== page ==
Speaking to an old friend on the weekend, her two daughters (with partners and children) have both given up on Auckland and are moving to Whangarei and Masterton. Good jobs and the chance to own their own homes without impoverishing themselves for decades. Good for them.
Only anecdotal but there seems to be some resentment/fear/dissatisfaction from some recent Auckland refugees at the racial changes occurring in that once fair city. Of course few will admit to that publicly.

A bit off topic but we were in the Hauraki gulf recently on our boat and have to give credit for the state of that wonderful harbour. No rubbish to speak of, good water quality and healthy marine life with snapper and kingfish swimming around the boat in the anchorages. Hard to believe there's all those people living around there. Special! I do hope they can keep it that way. At the 2% growth there would be 3 million in 35 years. Do they really need or want that?

Also as prices and as a result LVRs are squeezed in Auckland, investors are going to increasingly go to the provinces where they only need an LVR of 20%.

But is there the demand for the rentals....

Lots of demand in my town for rentals, with rents going up. Houses selling very quickly with massive turnouts at open homes.

Which is why the minimum wage had to increase, just to pay the rent to keep the ponzi going.

I thought the increased tax on cigarettes was to discourage smoking so that money could be used on rent.

And where is your town....


That's fine but will it last ..... and does it reflect what is happening elsewhere

Time will tell.

Palmy exactly the same last couple of months, perhaps lagging rotorua Hamilton etc but next in line if trend is north to south, t relative value has seen investors into the pn market and first home buyers who have been sitting on hands and building up kiwisaver for last decade getting a rude awakening. Tony Alexander of bnz has mentioned 20% yoy growth for cities like pn and after a weekend at open homes their I definately agree.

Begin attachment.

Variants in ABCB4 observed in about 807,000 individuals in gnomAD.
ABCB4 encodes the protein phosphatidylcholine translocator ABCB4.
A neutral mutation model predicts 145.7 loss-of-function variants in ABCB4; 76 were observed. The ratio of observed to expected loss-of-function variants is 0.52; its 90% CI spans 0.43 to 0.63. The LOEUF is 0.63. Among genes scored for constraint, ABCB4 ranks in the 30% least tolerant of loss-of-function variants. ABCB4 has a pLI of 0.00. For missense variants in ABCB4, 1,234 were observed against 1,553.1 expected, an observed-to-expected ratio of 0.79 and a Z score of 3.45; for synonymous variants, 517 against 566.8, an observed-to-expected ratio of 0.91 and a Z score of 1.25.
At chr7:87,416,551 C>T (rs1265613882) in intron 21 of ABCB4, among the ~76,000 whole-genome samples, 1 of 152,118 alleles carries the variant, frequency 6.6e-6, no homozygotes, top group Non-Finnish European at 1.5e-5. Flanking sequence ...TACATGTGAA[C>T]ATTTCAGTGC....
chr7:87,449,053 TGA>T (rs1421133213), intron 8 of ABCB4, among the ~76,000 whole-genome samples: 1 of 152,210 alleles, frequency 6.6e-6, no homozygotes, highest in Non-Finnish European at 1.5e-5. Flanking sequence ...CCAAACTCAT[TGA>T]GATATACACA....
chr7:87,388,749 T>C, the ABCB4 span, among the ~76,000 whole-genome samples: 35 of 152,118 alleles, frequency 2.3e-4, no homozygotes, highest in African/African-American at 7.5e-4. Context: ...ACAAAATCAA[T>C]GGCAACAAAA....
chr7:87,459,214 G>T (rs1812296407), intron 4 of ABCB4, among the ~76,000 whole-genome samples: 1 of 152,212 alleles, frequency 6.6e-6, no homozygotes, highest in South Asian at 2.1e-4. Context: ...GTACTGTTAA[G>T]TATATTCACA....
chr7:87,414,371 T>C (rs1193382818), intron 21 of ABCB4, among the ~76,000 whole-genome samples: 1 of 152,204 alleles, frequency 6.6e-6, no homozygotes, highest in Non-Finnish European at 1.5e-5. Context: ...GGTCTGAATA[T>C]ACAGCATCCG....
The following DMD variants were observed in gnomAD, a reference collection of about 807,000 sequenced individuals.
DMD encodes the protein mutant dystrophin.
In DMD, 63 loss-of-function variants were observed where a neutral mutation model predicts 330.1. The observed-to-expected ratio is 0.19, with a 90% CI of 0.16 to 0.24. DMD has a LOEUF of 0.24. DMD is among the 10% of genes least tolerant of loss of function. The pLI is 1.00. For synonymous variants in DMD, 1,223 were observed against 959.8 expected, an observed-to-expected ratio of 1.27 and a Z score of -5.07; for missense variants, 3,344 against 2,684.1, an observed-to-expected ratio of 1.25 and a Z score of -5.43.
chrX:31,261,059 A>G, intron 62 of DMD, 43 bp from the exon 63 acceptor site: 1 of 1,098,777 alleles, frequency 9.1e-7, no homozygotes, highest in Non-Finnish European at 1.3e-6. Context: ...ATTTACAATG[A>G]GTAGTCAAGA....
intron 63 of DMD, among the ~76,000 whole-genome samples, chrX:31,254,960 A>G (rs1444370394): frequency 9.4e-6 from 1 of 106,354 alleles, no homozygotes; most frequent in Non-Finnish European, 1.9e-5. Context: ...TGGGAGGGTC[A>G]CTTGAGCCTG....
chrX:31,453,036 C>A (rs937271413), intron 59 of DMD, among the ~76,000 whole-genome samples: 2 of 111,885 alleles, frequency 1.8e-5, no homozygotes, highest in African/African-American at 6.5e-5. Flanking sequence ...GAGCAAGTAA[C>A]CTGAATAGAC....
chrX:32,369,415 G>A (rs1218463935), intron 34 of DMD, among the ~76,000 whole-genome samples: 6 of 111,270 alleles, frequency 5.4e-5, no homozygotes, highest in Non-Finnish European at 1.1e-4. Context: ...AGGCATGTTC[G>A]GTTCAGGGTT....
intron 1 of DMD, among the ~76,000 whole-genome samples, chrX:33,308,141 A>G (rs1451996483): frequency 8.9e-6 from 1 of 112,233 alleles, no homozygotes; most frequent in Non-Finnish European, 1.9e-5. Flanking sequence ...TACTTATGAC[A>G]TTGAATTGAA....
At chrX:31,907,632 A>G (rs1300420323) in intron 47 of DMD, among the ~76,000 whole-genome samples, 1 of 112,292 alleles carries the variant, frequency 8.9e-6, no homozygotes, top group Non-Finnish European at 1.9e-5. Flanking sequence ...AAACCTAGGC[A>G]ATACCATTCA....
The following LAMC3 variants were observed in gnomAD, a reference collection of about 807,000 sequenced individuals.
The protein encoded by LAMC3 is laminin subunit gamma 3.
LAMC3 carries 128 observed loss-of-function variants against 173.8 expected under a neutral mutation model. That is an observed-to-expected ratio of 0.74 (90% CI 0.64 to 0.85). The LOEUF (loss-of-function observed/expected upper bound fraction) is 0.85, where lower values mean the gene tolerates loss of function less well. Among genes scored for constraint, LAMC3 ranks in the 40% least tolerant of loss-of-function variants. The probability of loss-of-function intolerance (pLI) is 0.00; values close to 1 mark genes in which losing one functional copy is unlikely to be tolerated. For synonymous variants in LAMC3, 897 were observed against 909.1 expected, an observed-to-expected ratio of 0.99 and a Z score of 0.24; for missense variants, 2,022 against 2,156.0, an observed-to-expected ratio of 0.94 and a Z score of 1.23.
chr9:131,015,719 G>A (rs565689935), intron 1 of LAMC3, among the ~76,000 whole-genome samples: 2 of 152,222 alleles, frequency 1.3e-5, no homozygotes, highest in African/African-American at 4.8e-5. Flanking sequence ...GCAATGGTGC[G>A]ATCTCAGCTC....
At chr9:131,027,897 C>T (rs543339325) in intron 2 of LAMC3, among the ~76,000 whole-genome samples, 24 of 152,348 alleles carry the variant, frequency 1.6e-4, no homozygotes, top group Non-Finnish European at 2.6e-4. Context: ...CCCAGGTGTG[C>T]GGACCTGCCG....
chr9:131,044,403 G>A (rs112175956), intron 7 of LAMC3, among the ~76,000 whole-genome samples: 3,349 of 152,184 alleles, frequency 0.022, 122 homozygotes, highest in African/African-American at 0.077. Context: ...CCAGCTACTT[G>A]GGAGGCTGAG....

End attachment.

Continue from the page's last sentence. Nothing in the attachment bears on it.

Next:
If prices go up 50-80% in these secondary cities it will be due to kiwisaver and low interest rate fuelled first home buyers fighting over the extremely limited stock (in pn anyway)

The move South is well underway, in the past year the number of houses for sale in Rotorua has dropped on Trade me from well over 1,000 to 430 now, similar drop in properties for rent as well. I am under the understanding that PN is seeing a similar picture.

P.n had 700 for sale in 2011 .. now 160. For population of 85k and growing it won't take much before multiple offers translate into big upward price moves

But it still comes down to demand - is there the demand for rentals - from your statement there can only be demand from the less well off - read poor , those who can't scrape together the deposit for a house. Are there the jobs for these Auckland housing "refugees" in the regions - in some occupations - yes, but others there just aren't the jobs and salary's.

I have seen and heard of quite demand for a range of properties to rent. There are jobs that are higher paid but in specialist fields, which people come too take up and need a home. There is also a growth in building such as new business centre, probation offices (I don't know what else is housed there, but its a big premises), Redevelopment of care facilities, a number of large hotels under construction or refurbishment. So yes the regions do offer opportunities.

Narrabeen Boy. I think Hamilton and Tauranga have a couple of years to run. Look at previous cycles and you'll get a good idea of how it will probably play out. Not sure we'll see 20% gains yoy but I don't think prices will be any lower than they are today. These places are bargains when you're used to the Auckland market.

A 0.7% fall is nothing in the context of 20-30% annual increases for the last 5-10 years.

The chinese money launderers will figure out a way to start buying again and price rises will resume.

But house prices jump up and down around the long term mean don't they? Overseas money pushing them up steeply last year and now easing back to the purchasing capabilities of residents. China has slowed resulting in slipping property prices around the world in cities with huge demand vs supply. Why should Auckland prices rise steeply again? Explain. Money launderers getting round the system doesn't sound like a solid factor to base your hopes on.

China is getting into more and more trouble financially, what happens if they don't start buying again at all?
What if they need to sell their Auckland houses quickly to prop up investments at home?

If China really falls over it could seriously hammer the Auckland market, and also depress dairy prices even further - a perfect storm for NZ.